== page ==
¶ 16. Carroll also argues his counsel was ineffective. “The Mississippi Supreme Court has consistently held that the time bar of Mississippi Code Annotated section 99–39–5(2) applies to ․ post-conviction relief claims based on ineffective assistance of counsel.” Chancy v. State, 938 So.2d 267, 270(¶ 11) (Miss.Ct.App.2005). This Court has held:
[W]hile it is conceivable that under the facts of a particular case, this Court might find that a lawyer's performance was so deficient, and so prejudicial to the defendant that the defendant's fundamental constitutional rights were violated. However, [we have] never held that merely raising a claim of ineffective assistance of counsel is sufficient to surmount the procedural bar.
McBride v. State, 914 So.2d 260, 264(¶ 12) (Miss.Ct.App.2005) (citation omitted).
¶ 17. In order to prevail on a claim of ineffective assistance of counsel, “a defendant must prove that his counsel's performance was deficient, and that the deficiency prejudiced his defense.” Thomas v. State, 933 So.2d 995, 997(¶ 6) (Miss.Ct.App.2006) (citing Strickland v. Washington, 466 U.S. 668, 688 (1984)). “[I]n order to satisfy the second prong, [Carroll] was required to show that but for his counsel's error(s): he would not have pleaded guilty; he would have instead insisted on going to trial; and the ultimate outcome would have been different.” Henderson v. State, 89 So.3d 598, 602(¶ 15) (Miss.Ct.App.2011).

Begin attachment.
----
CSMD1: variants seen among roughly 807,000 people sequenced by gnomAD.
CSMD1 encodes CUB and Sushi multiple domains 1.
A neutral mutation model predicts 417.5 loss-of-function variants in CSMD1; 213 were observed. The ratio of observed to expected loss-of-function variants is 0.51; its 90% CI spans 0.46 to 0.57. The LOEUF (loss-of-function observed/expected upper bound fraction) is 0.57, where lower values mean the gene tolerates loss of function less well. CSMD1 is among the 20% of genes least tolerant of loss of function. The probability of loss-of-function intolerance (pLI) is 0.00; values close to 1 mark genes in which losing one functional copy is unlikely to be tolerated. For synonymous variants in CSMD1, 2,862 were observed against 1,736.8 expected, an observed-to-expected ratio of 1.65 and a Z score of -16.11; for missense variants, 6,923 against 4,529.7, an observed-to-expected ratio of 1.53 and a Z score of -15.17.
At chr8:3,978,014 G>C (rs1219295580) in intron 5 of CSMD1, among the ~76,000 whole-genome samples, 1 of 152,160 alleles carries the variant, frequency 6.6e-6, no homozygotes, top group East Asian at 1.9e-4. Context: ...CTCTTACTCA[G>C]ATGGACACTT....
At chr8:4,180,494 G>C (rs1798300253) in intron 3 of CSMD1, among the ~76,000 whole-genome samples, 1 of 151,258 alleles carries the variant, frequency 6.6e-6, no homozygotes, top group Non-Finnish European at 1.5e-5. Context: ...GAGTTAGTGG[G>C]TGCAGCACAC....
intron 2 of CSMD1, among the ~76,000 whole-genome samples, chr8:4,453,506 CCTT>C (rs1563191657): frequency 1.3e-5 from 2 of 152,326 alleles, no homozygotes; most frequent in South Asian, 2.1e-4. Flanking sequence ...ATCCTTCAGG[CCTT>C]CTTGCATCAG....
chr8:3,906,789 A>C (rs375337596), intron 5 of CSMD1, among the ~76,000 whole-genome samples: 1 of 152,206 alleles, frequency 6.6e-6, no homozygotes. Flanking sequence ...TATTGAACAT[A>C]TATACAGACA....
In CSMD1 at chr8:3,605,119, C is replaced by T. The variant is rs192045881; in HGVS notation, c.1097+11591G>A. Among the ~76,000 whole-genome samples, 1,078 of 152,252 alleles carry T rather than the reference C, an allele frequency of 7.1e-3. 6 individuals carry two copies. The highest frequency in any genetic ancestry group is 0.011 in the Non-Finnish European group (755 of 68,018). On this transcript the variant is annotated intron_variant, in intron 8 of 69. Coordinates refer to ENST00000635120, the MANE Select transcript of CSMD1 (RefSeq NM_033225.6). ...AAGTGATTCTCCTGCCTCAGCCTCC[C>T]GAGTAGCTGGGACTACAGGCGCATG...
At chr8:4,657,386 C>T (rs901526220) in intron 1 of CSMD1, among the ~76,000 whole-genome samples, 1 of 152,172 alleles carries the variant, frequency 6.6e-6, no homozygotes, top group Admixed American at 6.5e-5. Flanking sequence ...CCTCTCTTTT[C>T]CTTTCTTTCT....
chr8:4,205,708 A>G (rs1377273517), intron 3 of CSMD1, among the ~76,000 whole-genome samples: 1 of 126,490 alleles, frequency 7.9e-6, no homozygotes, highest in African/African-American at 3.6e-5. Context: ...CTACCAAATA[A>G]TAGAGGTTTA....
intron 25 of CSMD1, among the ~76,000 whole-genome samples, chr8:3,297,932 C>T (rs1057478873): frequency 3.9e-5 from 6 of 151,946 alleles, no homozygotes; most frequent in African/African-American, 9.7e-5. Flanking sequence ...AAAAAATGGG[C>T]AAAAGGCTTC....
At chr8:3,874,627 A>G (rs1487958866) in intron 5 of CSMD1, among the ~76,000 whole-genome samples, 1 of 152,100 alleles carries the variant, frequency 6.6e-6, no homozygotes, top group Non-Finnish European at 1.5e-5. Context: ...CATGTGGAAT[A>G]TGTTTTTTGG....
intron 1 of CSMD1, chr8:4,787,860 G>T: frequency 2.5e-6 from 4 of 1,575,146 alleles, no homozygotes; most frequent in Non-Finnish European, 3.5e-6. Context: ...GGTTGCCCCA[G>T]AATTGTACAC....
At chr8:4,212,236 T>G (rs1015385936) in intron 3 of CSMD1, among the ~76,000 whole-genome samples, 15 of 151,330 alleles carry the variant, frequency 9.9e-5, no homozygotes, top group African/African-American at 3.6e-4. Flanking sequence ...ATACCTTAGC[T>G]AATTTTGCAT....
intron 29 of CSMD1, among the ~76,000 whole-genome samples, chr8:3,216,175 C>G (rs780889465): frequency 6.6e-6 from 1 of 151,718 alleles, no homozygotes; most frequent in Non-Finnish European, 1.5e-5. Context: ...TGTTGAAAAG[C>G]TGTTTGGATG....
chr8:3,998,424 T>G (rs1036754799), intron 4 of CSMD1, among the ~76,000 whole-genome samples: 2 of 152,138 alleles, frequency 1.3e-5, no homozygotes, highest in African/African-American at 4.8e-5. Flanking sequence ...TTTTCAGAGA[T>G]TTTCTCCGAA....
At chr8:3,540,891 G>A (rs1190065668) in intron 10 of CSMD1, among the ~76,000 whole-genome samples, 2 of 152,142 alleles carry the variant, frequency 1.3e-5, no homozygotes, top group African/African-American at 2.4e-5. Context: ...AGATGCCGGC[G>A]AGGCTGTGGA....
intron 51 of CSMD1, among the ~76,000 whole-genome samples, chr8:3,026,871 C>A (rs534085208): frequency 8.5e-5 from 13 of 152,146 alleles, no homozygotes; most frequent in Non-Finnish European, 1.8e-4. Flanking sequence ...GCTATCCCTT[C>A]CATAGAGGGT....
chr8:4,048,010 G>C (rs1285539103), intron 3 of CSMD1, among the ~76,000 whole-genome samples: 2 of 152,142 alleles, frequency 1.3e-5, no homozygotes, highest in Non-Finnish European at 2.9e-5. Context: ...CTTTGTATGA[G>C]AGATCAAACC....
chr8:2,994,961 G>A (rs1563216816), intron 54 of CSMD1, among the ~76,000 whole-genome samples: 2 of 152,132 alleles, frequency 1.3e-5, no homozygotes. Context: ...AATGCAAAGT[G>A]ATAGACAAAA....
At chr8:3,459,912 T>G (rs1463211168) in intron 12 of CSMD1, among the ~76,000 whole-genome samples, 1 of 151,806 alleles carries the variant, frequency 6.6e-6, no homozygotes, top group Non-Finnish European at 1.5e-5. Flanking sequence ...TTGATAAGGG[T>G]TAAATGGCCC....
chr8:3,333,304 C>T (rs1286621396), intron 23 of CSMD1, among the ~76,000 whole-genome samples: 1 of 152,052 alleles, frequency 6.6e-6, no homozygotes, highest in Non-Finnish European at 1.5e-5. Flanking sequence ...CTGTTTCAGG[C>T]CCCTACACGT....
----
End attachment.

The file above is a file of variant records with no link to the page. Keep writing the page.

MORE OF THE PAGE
¶ 18. Carroll has provided nothing in support of his assertions on this issue. A defendant is obligated to provide “more than conclusory allegations on a claim of ineffective assistance of counsel.” Carpenter v. State, 899 So.2d 916, 921(¶ 23) (Miss .Ct.App.2005). Accordingly, this issue is without merit.